“A man that flies from his fear may find that he has only taken a short cut to meet it.”

“He folded his fear into a perfect rose. He held it out in the palm of his hand. She took it from him and put it in her hair.”
― Arundhati RoyThe God of Small Things

You can run a search on the word “fear” and find it peppered throughout this blog.  What is a year of adventure if not a campaign to conquer fear?  Note: this is not a complaint: For someone who proclaims to be afraid of everything this attitude can only help.  Fear is but a trick of the mind, right?  And I’ve celebrated fantastic victories.  I’ve battled fear!  Defeated fear!  I’ve committed to quiet asides with fear, and went so far as to share certain fears.  To be FAIR (get it?!) I’m a stronger woman for it, and I feel forever changed.  But, through it all I’ve been selective.  You see, skydiving and trapeze swinging and frozen baptisms all feel like childs play in comparison to the one pursuit I’ve kept at bay.  Because now, inevitably and begrudgingly, I’ve found myself in the place I fear the most:

Dear reader, I had to visit the dentist.40435_897073625260_1968649_n

Please understand that I’m not in the habit of admonishing dentists.  In fact, if I’m to be honest, the only dentists I’ve known have been lovely – leaving me trauma-free, and smile ready.  So why the ire?  Why do I consider this THE FEAR of ALL FEARS?  And when I say FEAR I am not in jest.  Think sleepless nights and mid-day panic.  Think expertly chewed nails and avoidance for a long, long time.  I’m ashamed to admit 6 years too long.  All for a profession that has only ever been kind to me in the past.

I mean it when I say that it’s me, not them.

That’s because this doesn’t have to do with dentists, and has everything to do with needles.  

There is no greater understatement than to say I don’t like needles.  I loathe them.  So scared of them am I that I cannot watch one on TV.  I would sooner attend a medical appointment if I knew the cure was a punch in the face than a blood draw.  The mere thought of a needle piercing my skin drives me to panic, and so I’ve become crafty.  And, much to the chagrin of my husband who sees NO VALUE in avoidance, I’ve controlled for needle invasion.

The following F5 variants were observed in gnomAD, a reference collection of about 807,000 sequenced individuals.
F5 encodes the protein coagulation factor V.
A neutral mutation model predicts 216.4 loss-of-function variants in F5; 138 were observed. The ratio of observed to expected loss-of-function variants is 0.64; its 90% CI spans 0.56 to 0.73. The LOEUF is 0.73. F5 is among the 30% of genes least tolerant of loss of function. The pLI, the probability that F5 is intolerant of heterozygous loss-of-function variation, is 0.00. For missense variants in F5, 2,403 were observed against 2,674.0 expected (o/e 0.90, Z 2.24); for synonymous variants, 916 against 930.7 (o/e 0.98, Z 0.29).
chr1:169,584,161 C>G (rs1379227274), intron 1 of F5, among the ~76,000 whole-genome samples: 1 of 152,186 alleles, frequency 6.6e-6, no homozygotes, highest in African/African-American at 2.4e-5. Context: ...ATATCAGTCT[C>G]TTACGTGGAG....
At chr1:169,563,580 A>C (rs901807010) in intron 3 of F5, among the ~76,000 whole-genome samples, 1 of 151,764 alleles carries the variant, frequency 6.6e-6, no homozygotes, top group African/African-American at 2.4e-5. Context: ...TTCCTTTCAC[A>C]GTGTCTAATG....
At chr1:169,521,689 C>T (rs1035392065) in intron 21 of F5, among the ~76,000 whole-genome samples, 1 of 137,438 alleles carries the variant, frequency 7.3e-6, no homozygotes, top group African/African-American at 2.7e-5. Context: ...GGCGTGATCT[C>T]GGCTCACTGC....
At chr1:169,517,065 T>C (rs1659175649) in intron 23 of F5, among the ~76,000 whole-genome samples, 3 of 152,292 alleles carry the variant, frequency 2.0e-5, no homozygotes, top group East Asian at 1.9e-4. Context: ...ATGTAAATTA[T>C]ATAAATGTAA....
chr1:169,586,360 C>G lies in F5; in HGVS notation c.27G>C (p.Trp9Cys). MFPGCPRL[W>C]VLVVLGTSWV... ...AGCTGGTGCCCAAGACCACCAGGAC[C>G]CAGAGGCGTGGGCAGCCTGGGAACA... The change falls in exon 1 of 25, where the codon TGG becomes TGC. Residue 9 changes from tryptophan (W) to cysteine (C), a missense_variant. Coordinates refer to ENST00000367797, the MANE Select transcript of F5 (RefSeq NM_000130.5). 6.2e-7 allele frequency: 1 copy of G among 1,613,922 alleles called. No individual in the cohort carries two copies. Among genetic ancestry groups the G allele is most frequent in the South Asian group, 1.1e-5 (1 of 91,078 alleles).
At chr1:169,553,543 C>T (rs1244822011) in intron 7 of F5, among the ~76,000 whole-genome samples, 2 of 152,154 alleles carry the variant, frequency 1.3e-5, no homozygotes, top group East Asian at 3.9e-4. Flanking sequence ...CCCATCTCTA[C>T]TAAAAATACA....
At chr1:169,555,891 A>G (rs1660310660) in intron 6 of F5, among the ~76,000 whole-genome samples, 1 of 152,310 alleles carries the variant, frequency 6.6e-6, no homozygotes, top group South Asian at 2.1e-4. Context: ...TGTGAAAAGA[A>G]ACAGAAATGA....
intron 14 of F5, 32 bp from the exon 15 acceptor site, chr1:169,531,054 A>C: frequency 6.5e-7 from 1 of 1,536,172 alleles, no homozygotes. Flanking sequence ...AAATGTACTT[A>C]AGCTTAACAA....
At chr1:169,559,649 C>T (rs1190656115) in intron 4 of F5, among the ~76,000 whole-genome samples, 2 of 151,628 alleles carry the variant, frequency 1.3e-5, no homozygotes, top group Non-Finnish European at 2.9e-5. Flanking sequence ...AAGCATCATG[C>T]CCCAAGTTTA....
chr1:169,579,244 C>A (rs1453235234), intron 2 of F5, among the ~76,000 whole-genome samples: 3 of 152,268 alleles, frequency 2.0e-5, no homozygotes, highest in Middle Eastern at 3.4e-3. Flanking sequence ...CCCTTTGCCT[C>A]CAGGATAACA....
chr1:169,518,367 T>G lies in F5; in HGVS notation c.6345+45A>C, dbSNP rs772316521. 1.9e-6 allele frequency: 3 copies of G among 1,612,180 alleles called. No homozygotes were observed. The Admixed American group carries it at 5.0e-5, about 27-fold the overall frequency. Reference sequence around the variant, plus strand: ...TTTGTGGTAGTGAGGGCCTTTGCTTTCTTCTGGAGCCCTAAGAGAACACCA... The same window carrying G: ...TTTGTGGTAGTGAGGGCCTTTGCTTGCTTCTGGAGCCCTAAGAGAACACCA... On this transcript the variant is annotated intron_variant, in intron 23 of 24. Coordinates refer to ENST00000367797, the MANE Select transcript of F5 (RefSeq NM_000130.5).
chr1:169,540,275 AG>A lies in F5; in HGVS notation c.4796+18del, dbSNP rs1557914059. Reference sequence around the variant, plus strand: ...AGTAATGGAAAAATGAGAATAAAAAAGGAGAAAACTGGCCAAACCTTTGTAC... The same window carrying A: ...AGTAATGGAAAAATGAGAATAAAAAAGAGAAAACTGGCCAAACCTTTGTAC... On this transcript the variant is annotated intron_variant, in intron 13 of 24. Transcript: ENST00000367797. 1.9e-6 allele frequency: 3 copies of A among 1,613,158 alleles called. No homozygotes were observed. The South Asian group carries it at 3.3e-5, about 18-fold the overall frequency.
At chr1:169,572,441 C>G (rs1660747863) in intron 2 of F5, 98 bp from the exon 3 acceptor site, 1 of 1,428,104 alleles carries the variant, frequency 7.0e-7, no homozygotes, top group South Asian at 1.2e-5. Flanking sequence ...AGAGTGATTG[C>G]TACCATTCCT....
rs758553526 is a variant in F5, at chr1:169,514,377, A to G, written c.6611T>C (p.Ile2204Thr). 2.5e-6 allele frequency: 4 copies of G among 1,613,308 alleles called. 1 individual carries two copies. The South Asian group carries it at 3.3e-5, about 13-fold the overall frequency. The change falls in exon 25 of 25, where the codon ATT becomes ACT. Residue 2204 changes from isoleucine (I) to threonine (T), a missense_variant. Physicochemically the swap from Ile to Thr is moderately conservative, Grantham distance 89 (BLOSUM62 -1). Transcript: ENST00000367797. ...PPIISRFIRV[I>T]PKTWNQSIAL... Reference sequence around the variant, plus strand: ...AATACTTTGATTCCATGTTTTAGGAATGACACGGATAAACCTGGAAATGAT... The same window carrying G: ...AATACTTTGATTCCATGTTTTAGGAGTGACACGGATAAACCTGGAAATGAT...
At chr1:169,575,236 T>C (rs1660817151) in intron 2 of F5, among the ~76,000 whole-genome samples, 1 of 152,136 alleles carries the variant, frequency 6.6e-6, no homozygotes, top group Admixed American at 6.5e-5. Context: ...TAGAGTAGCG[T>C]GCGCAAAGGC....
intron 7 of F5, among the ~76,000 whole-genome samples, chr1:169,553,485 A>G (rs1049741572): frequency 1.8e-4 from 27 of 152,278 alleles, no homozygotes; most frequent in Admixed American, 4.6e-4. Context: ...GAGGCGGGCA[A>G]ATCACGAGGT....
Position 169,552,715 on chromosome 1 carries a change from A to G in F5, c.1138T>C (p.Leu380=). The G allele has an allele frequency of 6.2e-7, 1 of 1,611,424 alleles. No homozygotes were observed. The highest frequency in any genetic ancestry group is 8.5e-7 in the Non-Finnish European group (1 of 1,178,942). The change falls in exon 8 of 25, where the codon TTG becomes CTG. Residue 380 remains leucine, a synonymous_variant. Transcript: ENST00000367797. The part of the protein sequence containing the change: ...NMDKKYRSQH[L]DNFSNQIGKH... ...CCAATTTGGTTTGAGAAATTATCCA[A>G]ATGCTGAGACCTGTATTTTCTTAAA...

This isn’t great.  This means I haven’t had a blood draw in a very long time and I haven’t seen the dentist beyond occasional cleanings.  While I’ve lived without cavities for most my life, my luck was coming to an end and an aching pain and newfound sense of adventure (this time I wasn’t loving Team52) brought me to my senses.

Queue the kindest dentist in the world! A simple google search was all I needed to find someone willing to work with my anxiety.  For readers in anguish, I compared a lot of different dental sites.  I called my dental insurance to ask after practitioners with sensitivities toward phobic patients.  When you do schedule an appointment, don’t be afraid to request a simple meet-and-great.  If you are so frightened that you couldn’t possibly conceive of having your teeth touched, ask to sit in the chair.  Have the dentist talk through what he or she would do in a standard setting.  From an exposure stand point, familiarizing yourself with your settings and setting realistic expectations goes a long way toward fear reduction.

I brought my husband, but wouldn’t you know he had a dental emergency and required assistance far away from me.  So he won’t be the hero of this show.  Instead, I’m the hero! Because after a long stint of comfortable avoidance I not only visited the dentist, but I had 2 cavities filled.

Double cavities means double novacaine means double panic.  But I’d done all I prescribe to a needle phobic.  I met my dentist in advance.  We talked through the points of procedure.  I took a xanax.  I queued up some lyric rich music on my phone.  I breathed.  I relaxed.  I trusted.

I don’t even like writing this part but it must be said: in went the needle.  And my response?


In that I felt nothing.  Honestly, hand-to-heart, my dentist (who should be sainted – cannonized as a living legend among medical workers) was quick and thoughtful in his approach.  Nothing hurt.  Nothing felt out of my control.  Nothing surprised me.

All the while EVERYTHING changed.  I did the thing I’d kept myself from doing for 16 long years.  And I’m here to tell tale as a stronger, wiser, and more tooth responsible woman.  This was my equivalent of looking into the barrel of a gun.  To further work that analogy I don’t know that I can easily stare into it moving forward.  It’s still there, my fear.  It lingers and has a hold on me.  But I now know I am capable of quieting it.  That I can trust in the aid of another and believe that nothing bad will come of it.  And more than anything I can take care of myself in the ways I’d want my loved ones to do.

“He folded his fear into a perfect rose. He held it out in the palm of his hand. She took it from him and put it in her hair.”

I feel like I’m wearing a crown of roses amidst a field of growing flowers.